'It was pop or nothing for me': Remembering Larry Gogan
John Meagher bids farewell to the velvety-voiced DJ whose kindly manner reflected his belief that the most important person on radio was the listener
The first time I met Larry Gogan, one of his attributes stood tall. Curiosity. He had an insatiable thirst for knowledge, especially when it came to music. He was as keenly excited about new releases as he was about old favourites.
I met him at his home in Templeogue, south Dublin in the mid-2000s. He had agreed to sit down for a long interview for this newspaper, and the conversation flowed as effortlessly as one might expect from a veteran broadcaster famed for his genial demeanour.
When the interview had concluded, he brought me out to his garden shed to take a look at his music collection. CDs and vinyl covered every available space. Streaming music had hardly been thought of then, let alone invented. He joked about being like a kid in a toy shop, having so many aural treasures so close to hand. He sounded as enthused as a music-obsessed 19-year-old, not somebody half a century older.
I met him again in March of last year. This time the interview took place in the modest canteen at RTÉ's Radio Centre. He noted, with a grin, that he was part of the furniture there. He had just retired from 2fm, after almost 40 years at that station - which began life as Radio 2 in 1979 - and he was looking forward to a new role: presenting music shows on one of RTÉ's digital stations, Gold.
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He was the other side of 80 - although he joked that he never liked to reveal his age. He said he enjoyed the newspapers' guessing games. He had suffered quite a lot of ill health, and although it had severely limited his movements, it was clear he wanted to keep broadcasting for as long as all his mental faculties were intact. And those faculties were still razor-sharp, especially when it came to his powers of recall.
So too was that sense of curiosity. He quizzed me on the new music I was listening to and the best gigs I'd seen in the preceding few months. He was fascinated by changes in the media and music industries, and confidently predicted that people would always be engaged by live radio.
'Curiosity' was a word that was used time and again this week in many of the tributes to the legendary broadcaster, who died in the early hours of Tuesday morning. By never allowing himself or his tastes to go stale, he remained forever young.
It was fascinating to note that his speaking voice sounded much the same towards the end of his life as it did at the beginning of a broadcasting career that spanned six decades. It remained lively and warm-hearted, the sound of someone who loved the business of sitting in front of a microphone and helping to make the listener's day that bit lighter.
And yet it never seemed to be about him. In a business where egos are in constant competition, Gogan had a rare sense of humility. He may have been regarded as a star by his listeners and colleagues, but he didn't see himself that way. Instead, he saw himself as someone with the great fortune to be able to do a job he loved, and to survive all the changes wrought by technology and personnel.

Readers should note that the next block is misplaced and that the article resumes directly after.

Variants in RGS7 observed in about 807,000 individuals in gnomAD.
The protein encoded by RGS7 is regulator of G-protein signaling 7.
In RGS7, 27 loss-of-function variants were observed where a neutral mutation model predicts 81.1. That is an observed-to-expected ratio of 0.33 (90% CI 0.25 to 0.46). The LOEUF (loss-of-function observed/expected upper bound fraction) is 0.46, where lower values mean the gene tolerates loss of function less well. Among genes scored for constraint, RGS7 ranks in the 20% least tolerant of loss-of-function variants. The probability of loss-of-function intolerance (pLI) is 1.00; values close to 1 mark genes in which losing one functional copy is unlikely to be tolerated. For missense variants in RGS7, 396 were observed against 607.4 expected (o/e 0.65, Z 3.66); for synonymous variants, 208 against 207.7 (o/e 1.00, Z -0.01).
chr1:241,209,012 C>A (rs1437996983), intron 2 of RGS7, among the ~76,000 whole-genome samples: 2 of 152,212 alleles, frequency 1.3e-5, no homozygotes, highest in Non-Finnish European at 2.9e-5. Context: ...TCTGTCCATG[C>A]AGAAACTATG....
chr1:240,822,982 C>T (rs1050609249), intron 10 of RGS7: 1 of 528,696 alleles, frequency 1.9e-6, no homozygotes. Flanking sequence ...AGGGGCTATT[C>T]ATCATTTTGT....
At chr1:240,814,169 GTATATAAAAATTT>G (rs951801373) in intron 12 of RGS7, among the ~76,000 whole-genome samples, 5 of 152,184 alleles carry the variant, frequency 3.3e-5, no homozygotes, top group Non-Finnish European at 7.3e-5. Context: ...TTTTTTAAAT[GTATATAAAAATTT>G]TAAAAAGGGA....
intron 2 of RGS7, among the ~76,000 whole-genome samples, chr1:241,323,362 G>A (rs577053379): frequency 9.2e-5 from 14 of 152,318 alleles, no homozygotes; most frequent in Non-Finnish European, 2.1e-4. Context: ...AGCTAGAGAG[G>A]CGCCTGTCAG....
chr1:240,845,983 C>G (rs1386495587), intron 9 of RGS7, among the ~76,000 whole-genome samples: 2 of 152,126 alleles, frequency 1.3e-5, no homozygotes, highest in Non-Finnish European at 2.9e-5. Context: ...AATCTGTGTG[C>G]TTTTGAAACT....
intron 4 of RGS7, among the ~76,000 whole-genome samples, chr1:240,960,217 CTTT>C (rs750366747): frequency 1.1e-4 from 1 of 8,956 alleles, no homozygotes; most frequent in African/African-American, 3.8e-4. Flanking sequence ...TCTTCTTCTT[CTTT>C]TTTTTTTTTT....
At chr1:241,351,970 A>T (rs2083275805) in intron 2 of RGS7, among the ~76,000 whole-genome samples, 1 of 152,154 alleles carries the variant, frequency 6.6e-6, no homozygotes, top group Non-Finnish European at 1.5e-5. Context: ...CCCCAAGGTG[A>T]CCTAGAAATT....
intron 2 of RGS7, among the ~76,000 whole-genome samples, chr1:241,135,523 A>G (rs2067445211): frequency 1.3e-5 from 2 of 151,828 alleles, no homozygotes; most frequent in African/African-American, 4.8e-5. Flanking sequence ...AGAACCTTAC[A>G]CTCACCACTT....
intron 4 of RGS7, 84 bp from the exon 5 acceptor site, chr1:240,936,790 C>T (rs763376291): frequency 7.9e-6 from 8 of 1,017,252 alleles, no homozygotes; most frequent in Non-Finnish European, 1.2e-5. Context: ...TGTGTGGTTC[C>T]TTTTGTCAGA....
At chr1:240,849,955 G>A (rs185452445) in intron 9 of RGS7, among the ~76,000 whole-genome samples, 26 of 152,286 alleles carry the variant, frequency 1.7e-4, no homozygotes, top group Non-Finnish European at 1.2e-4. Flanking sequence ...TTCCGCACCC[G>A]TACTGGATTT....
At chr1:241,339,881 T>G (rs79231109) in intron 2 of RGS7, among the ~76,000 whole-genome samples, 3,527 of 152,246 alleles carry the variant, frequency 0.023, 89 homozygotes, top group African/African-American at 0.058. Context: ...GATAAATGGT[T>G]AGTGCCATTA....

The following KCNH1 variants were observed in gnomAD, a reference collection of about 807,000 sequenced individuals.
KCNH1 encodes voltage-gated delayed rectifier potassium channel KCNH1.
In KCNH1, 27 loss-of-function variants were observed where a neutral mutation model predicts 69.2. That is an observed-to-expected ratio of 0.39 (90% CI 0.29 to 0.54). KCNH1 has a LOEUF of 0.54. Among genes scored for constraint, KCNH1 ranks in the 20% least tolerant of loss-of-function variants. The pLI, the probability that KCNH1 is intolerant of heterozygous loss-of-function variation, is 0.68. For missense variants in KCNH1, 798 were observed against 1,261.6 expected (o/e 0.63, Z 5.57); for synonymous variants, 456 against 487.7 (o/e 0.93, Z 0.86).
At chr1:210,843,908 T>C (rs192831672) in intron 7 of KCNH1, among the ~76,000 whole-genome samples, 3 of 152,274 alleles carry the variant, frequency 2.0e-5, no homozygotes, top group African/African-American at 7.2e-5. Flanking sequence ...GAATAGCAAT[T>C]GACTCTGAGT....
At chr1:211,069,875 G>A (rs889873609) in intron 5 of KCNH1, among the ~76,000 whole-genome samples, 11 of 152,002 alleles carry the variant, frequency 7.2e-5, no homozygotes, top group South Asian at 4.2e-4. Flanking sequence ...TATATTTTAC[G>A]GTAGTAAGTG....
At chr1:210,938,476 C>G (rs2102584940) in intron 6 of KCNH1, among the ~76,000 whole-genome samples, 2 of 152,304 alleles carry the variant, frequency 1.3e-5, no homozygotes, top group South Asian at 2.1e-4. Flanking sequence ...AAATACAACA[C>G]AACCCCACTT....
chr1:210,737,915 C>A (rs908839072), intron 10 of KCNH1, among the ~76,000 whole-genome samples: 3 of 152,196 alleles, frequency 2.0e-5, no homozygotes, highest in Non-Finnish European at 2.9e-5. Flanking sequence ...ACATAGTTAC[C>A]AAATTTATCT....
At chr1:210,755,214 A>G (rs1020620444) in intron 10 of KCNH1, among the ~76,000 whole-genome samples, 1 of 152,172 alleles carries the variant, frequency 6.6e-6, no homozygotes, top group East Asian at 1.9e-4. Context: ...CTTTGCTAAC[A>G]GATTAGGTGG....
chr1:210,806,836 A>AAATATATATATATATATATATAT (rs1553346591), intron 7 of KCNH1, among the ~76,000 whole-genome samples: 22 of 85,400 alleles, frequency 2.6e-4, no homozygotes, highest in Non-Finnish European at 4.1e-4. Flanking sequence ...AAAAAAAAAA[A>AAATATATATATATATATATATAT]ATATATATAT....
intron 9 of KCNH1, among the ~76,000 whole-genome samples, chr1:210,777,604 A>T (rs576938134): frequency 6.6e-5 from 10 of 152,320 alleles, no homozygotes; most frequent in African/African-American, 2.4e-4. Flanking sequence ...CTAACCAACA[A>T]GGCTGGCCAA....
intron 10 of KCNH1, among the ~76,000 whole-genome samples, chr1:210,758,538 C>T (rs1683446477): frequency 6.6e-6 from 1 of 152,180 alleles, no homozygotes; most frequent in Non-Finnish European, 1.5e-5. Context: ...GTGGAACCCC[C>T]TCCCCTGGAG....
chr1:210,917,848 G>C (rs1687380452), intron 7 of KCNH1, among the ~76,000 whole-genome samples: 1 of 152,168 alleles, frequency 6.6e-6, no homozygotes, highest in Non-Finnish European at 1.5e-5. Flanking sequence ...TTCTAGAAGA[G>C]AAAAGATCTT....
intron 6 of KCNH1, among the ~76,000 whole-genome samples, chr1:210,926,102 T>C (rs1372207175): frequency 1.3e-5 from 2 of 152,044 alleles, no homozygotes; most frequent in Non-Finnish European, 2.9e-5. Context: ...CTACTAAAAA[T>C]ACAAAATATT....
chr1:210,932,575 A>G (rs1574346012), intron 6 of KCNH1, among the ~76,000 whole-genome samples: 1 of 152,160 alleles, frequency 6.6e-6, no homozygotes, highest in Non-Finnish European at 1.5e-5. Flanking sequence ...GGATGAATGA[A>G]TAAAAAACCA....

Revered by radio DJs
He was one of a tiny band of broadcasters whose popularity transcended generations. Tom Dunne, frontman of the band Something Happens, and a Newstalk presenter, spoke for many when he tweeted: "Your band became 'flesh' when Larry mentioned you. Prior to that you were just a rumour. Your aunts and uncles looked at you anew: 'So this, this band thing - it's a real thing, then'."
Gogan was revered by radio DJs who came after, including the most recent band who are not that much older now than he was when he made his RTÉ radio debut in 1961, aged 23. Many took to social media to lament his passing and to praise him for the path he paved. The word 'legend' was repeated over and over and, for once, it was entirely justified.
He spent most of the 1960s broadcasting from a studio in Henry Street in Dublin city centre. The move to Montrose would not come until the tail-end of that decade.
From the off, he was comfortable in a variety of light entertainment roles. But music was first and centre to everything he did. "The first song I ever played was by Johnny Tillotson," he told me last year. Like Gogan, Tillotson was born in 1938. He's still alive.
For much of the 1960s and 70s, Gogan had ploughed something of a lone furrow when it came to playing pop music on RTÉ. In hindsight, it seems extraordinary that the national broadcaster would neglect pop as much as it did in those decades.
As a result of RTÉ's apathy, pirate stations playing a diet of the hits of the day blossomed. And music-loving teens and twentysomethings migrated to the likes of Radio Caroline and the Dublin-based Big D in their droves. It was a haemorrhage of listeners that RTÉ spent years trying to recoup.
Gogan was already an industry veteran and household name when he helped launch RTÉ Radio 2 in 1979. The 'Comin'atcha' tagline has been indelibly etched in the minds of a certain generation. (It wouldn't be renamed 2FM until 1988 - the lower-case 2fm would come years later.)
The promotional photos from the time depict a smiling middle-aged man in a suit, surrounded by a selection of young turks - all men - sporting leather jackets and hairstyles that were all the rage in the late 70s. Most of his new colleagues had cut their teeth on the pirates, and some of them - notably Dave Fanning - had a gloriously rough-and-ready style of broadcasting that seemed a polar opposite to Gogan's polished delivery.